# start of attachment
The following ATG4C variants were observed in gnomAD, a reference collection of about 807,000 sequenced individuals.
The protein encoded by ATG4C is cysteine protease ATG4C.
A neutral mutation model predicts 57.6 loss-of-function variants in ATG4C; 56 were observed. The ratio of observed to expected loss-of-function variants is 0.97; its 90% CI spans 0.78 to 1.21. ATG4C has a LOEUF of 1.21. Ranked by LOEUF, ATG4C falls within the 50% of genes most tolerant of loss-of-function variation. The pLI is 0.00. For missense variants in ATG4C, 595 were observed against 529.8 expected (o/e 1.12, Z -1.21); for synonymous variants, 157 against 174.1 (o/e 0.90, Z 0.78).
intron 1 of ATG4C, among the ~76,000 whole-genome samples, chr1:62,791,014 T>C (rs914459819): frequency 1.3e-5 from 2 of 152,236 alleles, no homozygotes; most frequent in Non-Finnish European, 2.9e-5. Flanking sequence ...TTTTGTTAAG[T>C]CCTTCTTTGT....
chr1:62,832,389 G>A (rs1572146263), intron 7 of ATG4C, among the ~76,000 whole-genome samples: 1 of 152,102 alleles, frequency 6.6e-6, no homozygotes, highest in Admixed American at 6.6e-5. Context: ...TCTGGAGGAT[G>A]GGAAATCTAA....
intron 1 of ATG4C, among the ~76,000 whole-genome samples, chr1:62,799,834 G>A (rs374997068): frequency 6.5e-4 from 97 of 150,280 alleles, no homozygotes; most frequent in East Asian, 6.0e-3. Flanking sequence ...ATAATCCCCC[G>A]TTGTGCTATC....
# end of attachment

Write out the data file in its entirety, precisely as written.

The following ATG4C variants were observed in gnomAD, a reference collection of about 807,000 sequenced individuals.
The protein encoded by ATG4C is cysteine protease ATG4C.
A neutral mutation model predicts 57.6 loss-of-function variants in ATG4C; 56 were observed. The ratio of observed to expected loss-of-function variants is 0.97; its 90% CI spans 0.78 to 1.21. ATG4C has a LOEUF of 1.21. Ranked by LOEUF, ATG4C falls within the 50% of genes most tolerant of loss-of-function variation. The pLI is 0.00. For missense variants in ATG4C, 595 were observed against 529.8 expected (o/e 1.12, Z -1.21); for synonymous variants, 157 against 174.1 (o/e 0.90, Z 0.78).
intron 1 of ATG4C, among the ~76,000 whole-genome samples, chr1:62,791,014 T>C (rs914459819): frequency 1.3e-5 from 2 of 152,236 alleles, no homozygotes; most frequent in Non-Finnish European, 2.9e-5. Flanking sequence ...TTTTGTTAAG[T>C]CCTTCTTTGT....
chr1:62,832,389 G>A (rs1572146263), intron 7 of ATG4C, among the ~76,000 whole-genome samples: 1 of 152,102 alleles, frequency 6.6e-6, no homozygotes, highest in Admixed American at 6.6e-5. Context: ...TCTGGAGGAT[G>A]GGAAATCTAA....
intron 1 of ATG4C, among the ~76,000 whole-genome samples, chr1:62,799,834 G>A (rs374997068): frequency 6.5e-4 from 97 of 150,280 alleles, no homozygotes; most frequent in East Asian, 6.0e-3. Flanking sequence ...ATAATCCCCC[G>A]TTGTGCTATC....